Jennifer Wright on Madame Restell, Anthony Comstock, and Abortion in the 19th Century
In Conversation with Maris Kreizman on The Maris Review Podcast
This week on The Maris Review, Jennifer Wright joins Maris Kreizman to discuss her latest book, Madame Restell: The Life, Death, and Resurrection of Old New York’s Most Fabulous, Fearless, and Infamous Abortionist, out now from Hachette.
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On Anthony Comstock’s deadly crusade:
JW: When Madame Restell started out, she came from Painswick [England] where they had this celebration of the Greek god Pan that kind of just devolved into people having sex in the woods. So Madame Restell was coming from a town in England that had a pretty freewheeling attitude about sex.
I was reading Jonathan Swift’s advice to servant girls because Madame Restell started out as a servant. And he talks about how you’ve gotta stay away from the eldest son in the household because you’ll get a big belly or the clap, but nothing else from him. At least get with the master you might get some money. These are very forthright attitudes about sex that are joking and kind of cavalier, but I’m sure it was not actually fun being a servant and being sexually harassed. Let me make that clear.
But later on you have Anthony Comstock, who really singlehandedly brings about the change toward these attitudes. I think it’s important to note that Anthony Comstock was a chronic masturbator. Most people, if you just love masturbating, you either decide, well, I’m gonna try to stop doing this, or I’m just gonna keep doing this and whatever, it’ll be fine.
And Anthony Comstock decided that he would create a world where there was nothing that aroused his lustful impulses. That turned out to be many, many things, from women wearing low-cut dresses, which he was very upset about, to any kind of commentary on sexual matters, which contained things like distributing information about birth control or abortion or anything to do with reproduction. I think Anthony Comstock has the blood of thousands of women on his hands.
One of the most harrowing things I read about it was after Madam Restell’s time, early in Margaret Sanger’s career. She was working as a nurse and one of the women who had just had a baby was told by a doctor, if you have any more children you will die. And the woman said, well, my husband isn’t gonna stop having sex with me. How do I not have more children? And the doctor just wagged his finger at her in a jovial way and then walked away, and the next year she went back and delivered another child and she died. So, yeah, it’s bad to ban all information about reproductive matters, which again, feels like something that we’re doing now. We’re seeing such a high amount of book banning and the rhetoric in the 1870s was the same. It was about how we don’t want our youth to be corrupted.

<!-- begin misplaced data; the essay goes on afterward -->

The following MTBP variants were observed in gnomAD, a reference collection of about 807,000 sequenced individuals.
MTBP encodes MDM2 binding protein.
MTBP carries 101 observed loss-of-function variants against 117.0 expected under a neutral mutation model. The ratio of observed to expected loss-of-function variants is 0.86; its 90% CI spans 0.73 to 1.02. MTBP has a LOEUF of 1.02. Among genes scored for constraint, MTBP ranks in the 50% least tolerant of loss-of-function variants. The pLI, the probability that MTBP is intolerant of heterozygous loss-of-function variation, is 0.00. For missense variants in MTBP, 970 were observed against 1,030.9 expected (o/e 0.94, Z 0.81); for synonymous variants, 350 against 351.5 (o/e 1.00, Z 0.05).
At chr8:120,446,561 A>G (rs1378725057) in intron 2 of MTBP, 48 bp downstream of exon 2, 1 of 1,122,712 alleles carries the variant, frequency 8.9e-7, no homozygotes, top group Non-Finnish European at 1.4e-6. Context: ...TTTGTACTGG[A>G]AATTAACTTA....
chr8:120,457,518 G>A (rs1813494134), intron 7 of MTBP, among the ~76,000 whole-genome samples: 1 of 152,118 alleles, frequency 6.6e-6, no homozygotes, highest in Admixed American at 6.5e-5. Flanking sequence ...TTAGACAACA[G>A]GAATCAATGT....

On Madame Restell’s great acts of pettiness:
MK: Madame Restell is the heroine of this book, but you are very clear about her flaws. And they’re so fun to read about because she was so petty and loved money so much.
JW: One of the things that really delighted me about reading news reports from this period is that Madame Restell is constantly buying clothes and diamonds and mansions and amazing horses and big carriages and flaunting her wealth at every opportunity. And I thought all the newspapers would read like, “This is so new money, she’s so trashy, this is so gross.” And they don’t. They’re all, “We agree abortion is bad, but this is the best house we’ve ever seen.”
MK: And please take us back and tell us why she built her home on Fifth Avenue in Midtown.
JW: One of Madame Restell’s greatest acts of pettiness. The archbishop in New York had criticized her during one of his sermons. We don’t know exactly what he said—I tried so hard to find it but I couldn’t—but we know that he criticized her. He had wanted to buy a plot of land for a house across the street from where St. Patrick’s Cathedral was being erected. And in response, Madame Restell outbid him by hundreds of thousands of dollars, so much that they could not possibly compete. And then she built this apparently gorgeous mansion on it where she continued to perform abortions in the basement and see patients. It was locally known as Madame Restell’s Home for Lost Children.
MK: She clearly had a lot of money, which is good because she had to pay a lot of bribes.
JW: She did have to pay a lot of bribes. She was always bribing male politicians. She sent everybody gold watches. And yet, four or five times in the space of the book, she is imprisoned…
I think Madame Restell had this idea that many women still have: if I’m rich enough, I’ll be okay. This won’t affect me because I’ll have enough money. I know in my own family when Roe v. Wade was overturned, the first thought was like, we could fly anywhere in Europe, we’ll be fine. But money will not save you. Money will not protect you. Madam Restell thought it would protect her because she would simply be able to buy everybody off. And then Anthony Comstock came along. He was supported by other very, very wealthy people of the period, and suddenly there was a crackdown on everything. And Madame Restell is in no way exempt from that. So, I think whatever Madame Restell’s end of life is, it has to do with her waking up and realizing money isn’t going to make a difference anymore. She cannot continue to live the way she’s living in America.
Jennifer Wright is the author of several pop history books, including It Ended Badly and Get Well Soon (winner of Audible’s “Best History Book of 2017”). She lives in Los Angeles with her husband—fellow writer Daniel Kibblesmith—and their daughter. Her latest book is called Madame Restell: The Life, Death, and Resurrection of Old New York’s Most Fabulous, Fearless, and Infamous Abortionist.